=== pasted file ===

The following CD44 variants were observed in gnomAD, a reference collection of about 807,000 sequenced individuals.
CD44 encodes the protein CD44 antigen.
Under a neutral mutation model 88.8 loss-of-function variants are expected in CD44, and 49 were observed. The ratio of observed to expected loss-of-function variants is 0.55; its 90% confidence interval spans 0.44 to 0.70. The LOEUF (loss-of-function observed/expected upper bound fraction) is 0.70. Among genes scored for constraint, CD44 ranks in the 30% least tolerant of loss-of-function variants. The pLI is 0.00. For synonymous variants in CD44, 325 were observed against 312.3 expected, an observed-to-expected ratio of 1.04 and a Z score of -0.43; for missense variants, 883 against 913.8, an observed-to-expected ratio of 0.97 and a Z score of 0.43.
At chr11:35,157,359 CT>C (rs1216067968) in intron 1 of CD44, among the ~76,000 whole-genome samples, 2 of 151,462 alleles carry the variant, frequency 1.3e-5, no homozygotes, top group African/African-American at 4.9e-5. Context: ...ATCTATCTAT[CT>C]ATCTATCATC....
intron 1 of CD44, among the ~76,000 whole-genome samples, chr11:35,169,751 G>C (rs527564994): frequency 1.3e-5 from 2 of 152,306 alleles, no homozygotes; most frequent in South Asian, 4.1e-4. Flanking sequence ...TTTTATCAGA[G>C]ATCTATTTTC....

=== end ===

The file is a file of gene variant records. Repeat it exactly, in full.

The following CD44 variants were observed in gnomAD, a reference collection of about 807,000 sequenced individuals.
CD44 encodes the protein CD44 antigen.
Under a neutral mutation model 88.8 loss-of-function variants are expected in CD44, and 49 were observed. The ratio of observed to expected loss-of-function variants is 0.55; its 90% confidence interval spans 0.44 to 0.70. The LOEUF (loss-of-function observed/expected upper bound fraction) is 0.70. Among genes scored for constraint, CD44 ranks in the 30% least tolerant of loss-of-function variants. The pLI is 0.00. For synonymous variants in CD44, 325 were observed against 312.3 expected, an observed-to-expected ratio of 1.04 and a Z score of -0.43; for missense variants, 883 against 913.8, an observed-to-expected ratio of 0.97 and a Z score of 0.43.
At chr11:35,157,359 CT>C (rs1216067968) in intron 1 of CD44, among the ~76,000 whole-genome samples, 2 of 151,462 alleles carry the variant, frequency 1.3e-5, no homozygotes, top group African/African-American at 4.9e-5. Context: ...ATCTATCTAT[CT>C]ATCTATCATC....
intron 1 of CD44, among the ~76,000 whole-genome samples, chr11:35,169,751 G>C (rs527564994): frequency 1.3e-5 from 2 of 152,306 alleles, no homozygotes; most frequent in South Asian, 4.1e-4. Flanking sequence ...TTTTATCAGA[G>C]ATCTATTTTC....